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Abstract

Two important challenges need to be addressed to realize a practical biorefinery for the conversion of biomass to fuels and chemicals: (i) effective methods for the degradation and fractionation of ligno-celluloses and (ii) efficient and robust chemical methods for the conversion of bio-feeds to target products via highly selective catalytic reactions. Ultrasonic energy promotes the pretreatment and conversion process through its special cavitational effects. In this review, recent progress and methods for combining and integrating sonication into biomass pretreatment and conversion for fuels and chemicals are critically assessed. Ultrasonic energy combined with proper solvents allows destruction of the recalcitrant lignocellulosic structure, fractionation of biomass components, and then assists many thermochemical and biochemical reactions, with increased equilibrium yields of sugars, bio-ethanol and gas products by 10-300%. Sonication promotes hydrolysis, esterification and transesterification in biodiesel synthesis and leads to reduced reaction time by 50-80%, lower reaction temperature, less amounts of solvent and catalyst than comparable unsonicated reaction systems. For algal biomass, sonication benefits the disruption, lysis and content release of macro and microalgae cells, and reduces the time required for subsequent extraction and chemical/biochemical reactions, with efficiencies typically being improved by 120-200%. High-frequency ultrasound of 1-3 MHz allows harvesting of microalgae, liquid product separation and in-situ process monitoring of biomass reactions, while high-intensity ultrasound at 20-50 kHz activates heterogeneous and enzymatic catalysis of the biomass reactions. The use of ultrasound in conversion of biomass to biofuels provides a positive process benefit. (C) 2013 Elsevier Ltd. All rights reserved.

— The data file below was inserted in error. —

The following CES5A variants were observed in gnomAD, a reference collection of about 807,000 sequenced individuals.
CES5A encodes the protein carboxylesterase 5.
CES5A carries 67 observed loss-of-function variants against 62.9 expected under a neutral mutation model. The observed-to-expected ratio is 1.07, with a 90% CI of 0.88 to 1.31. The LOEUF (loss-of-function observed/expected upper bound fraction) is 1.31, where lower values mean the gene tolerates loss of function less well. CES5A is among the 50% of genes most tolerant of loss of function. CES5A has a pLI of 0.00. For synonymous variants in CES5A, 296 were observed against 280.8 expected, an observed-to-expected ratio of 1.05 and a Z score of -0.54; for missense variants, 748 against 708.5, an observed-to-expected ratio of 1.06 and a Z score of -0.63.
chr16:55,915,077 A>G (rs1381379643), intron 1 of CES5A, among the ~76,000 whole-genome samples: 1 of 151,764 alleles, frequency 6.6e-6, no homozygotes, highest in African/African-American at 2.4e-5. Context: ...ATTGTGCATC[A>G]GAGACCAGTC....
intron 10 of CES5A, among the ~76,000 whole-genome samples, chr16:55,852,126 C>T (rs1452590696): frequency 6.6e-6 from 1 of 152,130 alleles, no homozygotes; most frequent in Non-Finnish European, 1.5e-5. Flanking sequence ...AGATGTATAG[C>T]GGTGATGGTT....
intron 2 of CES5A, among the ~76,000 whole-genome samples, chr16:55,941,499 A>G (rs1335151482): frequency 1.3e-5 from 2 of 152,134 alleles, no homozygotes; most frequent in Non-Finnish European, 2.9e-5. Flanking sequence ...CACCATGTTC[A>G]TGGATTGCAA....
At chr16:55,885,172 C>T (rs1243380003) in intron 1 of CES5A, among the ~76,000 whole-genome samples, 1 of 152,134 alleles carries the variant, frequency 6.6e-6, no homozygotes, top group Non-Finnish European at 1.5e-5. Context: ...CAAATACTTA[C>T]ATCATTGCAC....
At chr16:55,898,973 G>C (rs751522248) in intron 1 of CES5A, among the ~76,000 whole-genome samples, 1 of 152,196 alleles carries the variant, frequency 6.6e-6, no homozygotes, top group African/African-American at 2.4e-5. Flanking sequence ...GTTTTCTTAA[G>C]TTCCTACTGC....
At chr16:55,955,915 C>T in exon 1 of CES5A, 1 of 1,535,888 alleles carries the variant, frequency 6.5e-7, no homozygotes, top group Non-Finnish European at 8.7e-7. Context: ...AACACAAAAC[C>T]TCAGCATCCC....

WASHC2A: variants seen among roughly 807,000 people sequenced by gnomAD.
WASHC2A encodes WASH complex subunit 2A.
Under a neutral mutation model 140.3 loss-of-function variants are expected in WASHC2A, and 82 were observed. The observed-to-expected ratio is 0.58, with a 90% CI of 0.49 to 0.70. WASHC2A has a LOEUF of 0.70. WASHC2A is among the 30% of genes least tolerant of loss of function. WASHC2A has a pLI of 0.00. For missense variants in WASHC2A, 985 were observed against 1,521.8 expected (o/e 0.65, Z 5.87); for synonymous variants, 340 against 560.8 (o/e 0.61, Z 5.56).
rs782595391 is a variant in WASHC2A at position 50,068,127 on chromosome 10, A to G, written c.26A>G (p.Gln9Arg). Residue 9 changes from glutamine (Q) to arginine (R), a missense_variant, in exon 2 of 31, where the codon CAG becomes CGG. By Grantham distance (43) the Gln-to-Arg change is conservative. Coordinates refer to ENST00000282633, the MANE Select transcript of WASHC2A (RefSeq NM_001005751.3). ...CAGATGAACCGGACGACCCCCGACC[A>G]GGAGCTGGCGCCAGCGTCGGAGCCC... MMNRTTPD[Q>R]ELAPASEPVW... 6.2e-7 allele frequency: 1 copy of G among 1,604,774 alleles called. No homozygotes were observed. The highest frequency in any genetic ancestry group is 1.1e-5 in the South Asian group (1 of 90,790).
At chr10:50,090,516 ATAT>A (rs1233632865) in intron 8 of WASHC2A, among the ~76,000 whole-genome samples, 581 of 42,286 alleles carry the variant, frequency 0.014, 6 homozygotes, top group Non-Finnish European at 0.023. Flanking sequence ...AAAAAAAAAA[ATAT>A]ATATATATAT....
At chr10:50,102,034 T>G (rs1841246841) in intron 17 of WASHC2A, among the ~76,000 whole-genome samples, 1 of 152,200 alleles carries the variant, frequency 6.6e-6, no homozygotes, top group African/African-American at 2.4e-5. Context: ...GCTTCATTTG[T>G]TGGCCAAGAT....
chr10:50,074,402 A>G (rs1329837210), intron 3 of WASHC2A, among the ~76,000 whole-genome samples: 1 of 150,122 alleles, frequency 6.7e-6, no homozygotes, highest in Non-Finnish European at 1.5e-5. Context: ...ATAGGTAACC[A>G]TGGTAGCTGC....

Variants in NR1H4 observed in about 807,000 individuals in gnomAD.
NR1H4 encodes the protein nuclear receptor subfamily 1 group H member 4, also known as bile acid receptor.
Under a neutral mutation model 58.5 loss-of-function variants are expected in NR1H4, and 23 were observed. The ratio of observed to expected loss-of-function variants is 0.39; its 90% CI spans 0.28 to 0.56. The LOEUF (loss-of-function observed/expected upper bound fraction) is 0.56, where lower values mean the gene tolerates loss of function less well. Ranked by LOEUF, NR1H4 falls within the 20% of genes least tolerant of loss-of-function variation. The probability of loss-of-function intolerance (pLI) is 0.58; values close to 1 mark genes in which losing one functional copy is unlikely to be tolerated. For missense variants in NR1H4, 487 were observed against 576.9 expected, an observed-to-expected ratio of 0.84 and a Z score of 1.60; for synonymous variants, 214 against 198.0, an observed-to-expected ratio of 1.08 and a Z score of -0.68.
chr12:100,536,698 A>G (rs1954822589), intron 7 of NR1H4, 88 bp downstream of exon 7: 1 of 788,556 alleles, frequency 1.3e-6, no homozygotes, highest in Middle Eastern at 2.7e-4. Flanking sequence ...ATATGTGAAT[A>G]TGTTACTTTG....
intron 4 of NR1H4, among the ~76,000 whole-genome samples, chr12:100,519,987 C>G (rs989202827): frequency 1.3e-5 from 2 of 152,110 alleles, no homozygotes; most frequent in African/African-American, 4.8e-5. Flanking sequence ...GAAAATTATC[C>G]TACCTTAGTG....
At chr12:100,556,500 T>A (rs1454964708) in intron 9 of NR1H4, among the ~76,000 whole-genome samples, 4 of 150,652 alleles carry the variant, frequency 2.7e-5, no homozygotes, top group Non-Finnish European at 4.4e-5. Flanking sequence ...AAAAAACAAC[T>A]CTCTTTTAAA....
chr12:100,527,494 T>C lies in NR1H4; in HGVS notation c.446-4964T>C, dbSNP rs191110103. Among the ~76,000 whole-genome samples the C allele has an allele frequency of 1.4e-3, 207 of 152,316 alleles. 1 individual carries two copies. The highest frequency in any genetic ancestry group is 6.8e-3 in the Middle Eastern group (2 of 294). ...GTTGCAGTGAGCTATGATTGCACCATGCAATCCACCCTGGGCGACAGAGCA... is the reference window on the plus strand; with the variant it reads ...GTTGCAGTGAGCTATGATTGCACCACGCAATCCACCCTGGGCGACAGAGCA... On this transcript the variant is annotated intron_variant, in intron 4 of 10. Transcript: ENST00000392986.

Authors

Luo, Jia;  Fang, Zhen;  Smith, Richard L., Jr.

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